“The five grains act as nourishment; the five fruits from the trees serve to augment; the five domestic animals provide additional benefit; the five vegetables serve to complete the nourishment.” Nei Jing Chapter 22
According to Traditional Chinese Medicine, children’s digestive systems are not yet fully developed. It is therefore very easy for a child’s digestion to become out of kilter. Sometimes, just small changes in a child’s diet can make an enormous difference to their health and well-being. Based on an individual and thorough diagnosis of your child’s constitution, I may make some suggestions of foods that would either particularly suit your child or, conversely, may be hard for your child to digest.
For more information on dietary principles according to Traditional Chinese Medicine, please see the attached document: Chinese Dietary Wisdom
Rest and Activity
In Traditional Chinese Medicine, babies and young children can be put into two broad categories which describe their constitutional energy. The first category is ‘full’ children, and the second is empty’ children. Neither category is better or worse than the other, but knowing which category your child falls into can be enormously helpful in knowing what kind of lifestyle will best suit them. The ‘full’ children are ones with red rosy cheeks, lots of energy, big appetites and loud voices. The ’empty’ children are the ones who tend to be pale faced, picky eaters, enjoy snuggling up to mum and don’t make so much noise.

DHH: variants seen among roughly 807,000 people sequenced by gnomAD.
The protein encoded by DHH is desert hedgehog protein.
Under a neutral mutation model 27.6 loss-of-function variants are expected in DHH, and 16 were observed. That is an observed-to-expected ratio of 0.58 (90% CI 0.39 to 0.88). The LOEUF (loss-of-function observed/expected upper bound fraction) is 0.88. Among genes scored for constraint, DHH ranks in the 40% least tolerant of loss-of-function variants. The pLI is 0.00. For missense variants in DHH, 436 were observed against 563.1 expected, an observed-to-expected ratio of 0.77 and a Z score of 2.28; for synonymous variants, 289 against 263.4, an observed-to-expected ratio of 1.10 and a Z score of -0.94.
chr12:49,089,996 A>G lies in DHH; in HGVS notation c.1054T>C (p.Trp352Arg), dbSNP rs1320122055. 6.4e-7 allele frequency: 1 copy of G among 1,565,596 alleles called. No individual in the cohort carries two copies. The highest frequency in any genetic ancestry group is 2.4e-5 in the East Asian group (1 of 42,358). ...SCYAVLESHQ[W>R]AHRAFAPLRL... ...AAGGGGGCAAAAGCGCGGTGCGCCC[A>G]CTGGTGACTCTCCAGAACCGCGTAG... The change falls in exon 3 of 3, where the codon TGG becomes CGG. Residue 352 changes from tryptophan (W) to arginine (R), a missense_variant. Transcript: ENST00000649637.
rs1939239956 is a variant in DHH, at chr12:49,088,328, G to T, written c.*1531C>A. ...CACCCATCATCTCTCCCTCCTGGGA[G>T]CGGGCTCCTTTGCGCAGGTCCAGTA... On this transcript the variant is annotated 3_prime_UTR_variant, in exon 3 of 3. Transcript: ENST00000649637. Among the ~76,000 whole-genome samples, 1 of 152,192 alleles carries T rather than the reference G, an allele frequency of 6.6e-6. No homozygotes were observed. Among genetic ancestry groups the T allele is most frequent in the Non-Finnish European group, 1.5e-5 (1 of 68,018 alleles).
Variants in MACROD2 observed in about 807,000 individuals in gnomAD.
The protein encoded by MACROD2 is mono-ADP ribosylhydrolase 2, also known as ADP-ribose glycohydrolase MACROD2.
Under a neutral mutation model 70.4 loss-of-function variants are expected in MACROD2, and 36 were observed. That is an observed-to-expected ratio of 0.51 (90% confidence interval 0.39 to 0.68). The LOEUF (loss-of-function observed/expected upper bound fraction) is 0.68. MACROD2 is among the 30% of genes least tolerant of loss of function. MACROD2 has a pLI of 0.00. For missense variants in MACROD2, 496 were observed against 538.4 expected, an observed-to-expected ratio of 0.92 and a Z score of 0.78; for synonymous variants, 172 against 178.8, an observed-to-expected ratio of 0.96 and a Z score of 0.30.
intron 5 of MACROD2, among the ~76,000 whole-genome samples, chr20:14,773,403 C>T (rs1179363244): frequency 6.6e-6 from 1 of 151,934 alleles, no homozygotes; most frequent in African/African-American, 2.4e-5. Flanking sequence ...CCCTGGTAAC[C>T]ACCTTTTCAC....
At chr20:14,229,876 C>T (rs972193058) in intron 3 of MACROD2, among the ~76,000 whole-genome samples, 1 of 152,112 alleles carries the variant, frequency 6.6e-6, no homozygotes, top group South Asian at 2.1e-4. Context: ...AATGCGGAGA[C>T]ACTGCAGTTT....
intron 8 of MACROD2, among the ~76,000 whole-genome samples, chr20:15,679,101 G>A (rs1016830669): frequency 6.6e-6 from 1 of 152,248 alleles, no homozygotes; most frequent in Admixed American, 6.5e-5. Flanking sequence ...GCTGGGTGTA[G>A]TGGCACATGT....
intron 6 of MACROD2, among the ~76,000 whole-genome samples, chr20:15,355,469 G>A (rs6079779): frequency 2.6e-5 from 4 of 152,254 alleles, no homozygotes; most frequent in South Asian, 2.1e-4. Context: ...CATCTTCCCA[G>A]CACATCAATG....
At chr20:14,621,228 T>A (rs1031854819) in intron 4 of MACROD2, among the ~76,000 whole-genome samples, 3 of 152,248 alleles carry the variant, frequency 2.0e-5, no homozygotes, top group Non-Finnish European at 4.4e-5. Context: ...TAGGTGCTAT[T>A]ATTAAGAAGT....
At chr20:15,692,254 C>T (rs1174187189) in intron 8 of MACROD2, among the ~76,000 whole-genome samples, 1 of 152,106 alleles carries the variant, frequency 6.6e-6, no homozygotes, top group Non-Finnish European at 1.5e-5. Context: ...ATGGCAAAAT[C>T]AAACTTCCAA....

‘Full’ Children need lots of time running around outside and sometimes need to be encouraged to eat a bit less as their eyes are bigger than their stomachs. ‘Empty’ children need really regular rests, peaceful playtimes and encouragement to eat as wide a variety of foods as possible.
There are so many wonderful activities and sources of stimulation for babies and children today. Understanding what kind of constitution your child has can be helpful in guiding you towards creating a lifestyle in which your child will grow and thrive.
Screentime and social media
Managing a child’s screentime and encouraging a healthy attitude towards social media can be enormously stressful for parents. Unfortunately, for some children, their digital media habits can be a cause of imbalance. For example, being on a screen for too long encourages a child’s qi to rise up to their head which can be a contributory factor in symptoms such as insomnia, headaches or hyperactivity.
Please see my blogpost on this topic for more information.